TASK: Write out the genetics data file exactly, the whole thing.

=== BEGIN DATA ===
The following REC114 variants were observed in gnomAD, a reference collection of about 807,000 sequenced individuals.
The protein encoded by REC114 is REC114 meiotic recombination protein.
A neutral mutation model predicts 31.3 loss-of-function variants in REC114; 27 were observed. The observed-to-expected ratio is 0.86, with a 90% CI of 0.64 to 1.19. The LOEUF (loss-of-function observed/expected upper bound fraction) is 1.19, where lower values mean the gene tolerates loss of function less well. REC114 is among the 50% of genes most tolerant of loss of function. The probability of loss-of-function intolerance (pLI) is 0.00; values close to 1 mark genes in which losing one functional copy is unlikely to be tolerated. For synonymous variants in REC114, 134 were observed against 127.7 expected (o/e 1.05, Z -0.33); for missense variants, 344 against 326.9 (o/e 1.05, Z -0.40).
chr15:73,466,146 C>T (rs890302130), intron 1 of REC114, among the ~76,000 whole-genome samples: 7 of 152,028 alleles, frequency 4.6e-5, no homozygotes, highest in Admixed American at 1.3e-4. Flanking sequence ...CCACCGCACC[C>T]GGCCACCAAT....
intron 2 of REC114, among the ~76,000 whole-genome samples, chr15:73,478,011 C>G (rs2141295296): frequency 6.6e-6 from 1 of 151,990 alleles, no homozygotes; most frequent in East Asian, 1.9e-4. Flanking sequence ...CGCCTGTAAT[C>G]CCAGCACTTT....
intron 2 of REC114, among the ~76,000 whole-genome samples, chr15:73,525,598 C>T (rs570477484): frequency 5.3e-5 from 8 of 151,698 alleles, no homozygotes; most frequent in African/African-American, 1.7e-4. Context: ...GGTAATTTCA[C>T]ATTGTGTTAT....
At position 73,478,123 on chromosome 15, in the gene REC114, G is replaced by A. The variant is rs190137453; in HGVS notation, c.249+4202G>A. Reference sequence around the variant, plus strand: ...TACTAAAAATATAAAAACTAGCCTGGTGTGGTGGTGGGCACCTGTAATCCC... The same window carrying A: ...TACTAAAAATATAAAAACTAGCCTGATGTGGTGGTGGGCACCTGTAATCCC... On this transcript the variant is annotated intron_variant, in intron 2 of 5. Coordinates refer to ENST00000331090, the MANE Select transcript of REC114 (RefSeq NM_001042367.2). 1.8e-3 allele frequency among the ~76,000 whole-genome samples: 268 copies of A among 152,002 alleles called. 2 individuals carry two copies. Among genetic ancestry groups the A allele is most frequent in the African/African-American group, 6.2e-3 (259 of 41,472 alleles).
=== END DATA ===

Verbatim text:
The following REC114 variants were observed in gnomAD, a reference collection of about 807,000 sequenced individuals.
The protein encoded by REC114 is REC114 meiotic recombination protein.
A neutral mutation model predicts 31.3 loss-of-function variants in REC114; 27 were observed. The observed-to-expected ratio is 0.86, with a 90% CI of 0.64 to 1.19. The LOEUF (loss-of-function observed/expected upper bound fraction) is 1.19, where lower values mean the gene tolerates loss of function less well. REC114 is among the 50% of genes most tolerant of loss of function. The probability of loss-of-function intolerance (pLI) is 0.00; values close to 1 mark genes in which losing one functional copy is unlikely to be tolerated. For synonymous variants in REC114, 134 were observed against 127.7 expected (o/e 1.05, Z -0.33); for missense variants, 344 against 326.9 (o/e 1.05, Z -0.40).
chr15:73,466,146 C>T (rs890302130), intron 1 of REC114, among the ~76,000 whole-genome samples: 7 of 152,028 alleles, frequency 4.6e-5, no homozygotes, highest in Admixed American at 1.3e-4. Flanking sequence ...CCACCGCACC[C>T]GGCCACCAAT....
intron 2 of REC114, among the ~76,000 whole-genome samples, chr15:73,478,011 C>G (rs2141295296): frequency 6.6e-6 from 1 of 151,990 alleles, no homozygotes; most frequent in East Asian, 1.9e-4. Flanking sequence ...CGCCTGTAAT[C>G]CCAGCACTTT....
intron 2 of REC114, among the ~76,000 whole-genome samples, chr15:73,525,598 C>T (rs570477484): frequency 5.3e-5 from 8 of 151,698 alleles, no homozygotes; most frequent in African/African-American, 1.7e-4. Context: ...GGTAATTTCA[C>T]ATTGTGTTAT....
At position 73,478,123 on chromosome 15, in the gene REC114, G is replaced by A. The variant is rs190137453; in HGVS notation, c.249+4202G>A. Reference sequence around the variant, plus strand: ...TACTAAAAATATAAAAACTAGCCTGGTGTGGTGGTGGGCACCTGTAATCCC... The same window carrying A: ...TACTAAAAATATAAAAACTAGCCTGATGTGGTGGTGGGCACCTGTAATCCC... On this transcript the variant is annotated intron_variant, in intron 2 of 5. Coordinates refer to ENST00000331090, the MANE Select transcript of REC114 (RefSeq NM_001042367.2). 1.8e-3 allele frequency among the ~76,000 whole-genome samples: 268 copies of A among 152,002 alleles called. 2 individuals carry two copies. Among genetic ancestry groups the A allele is most frequent in the African/African-American group, 6.2e-3 (259 of 41,472 alleles).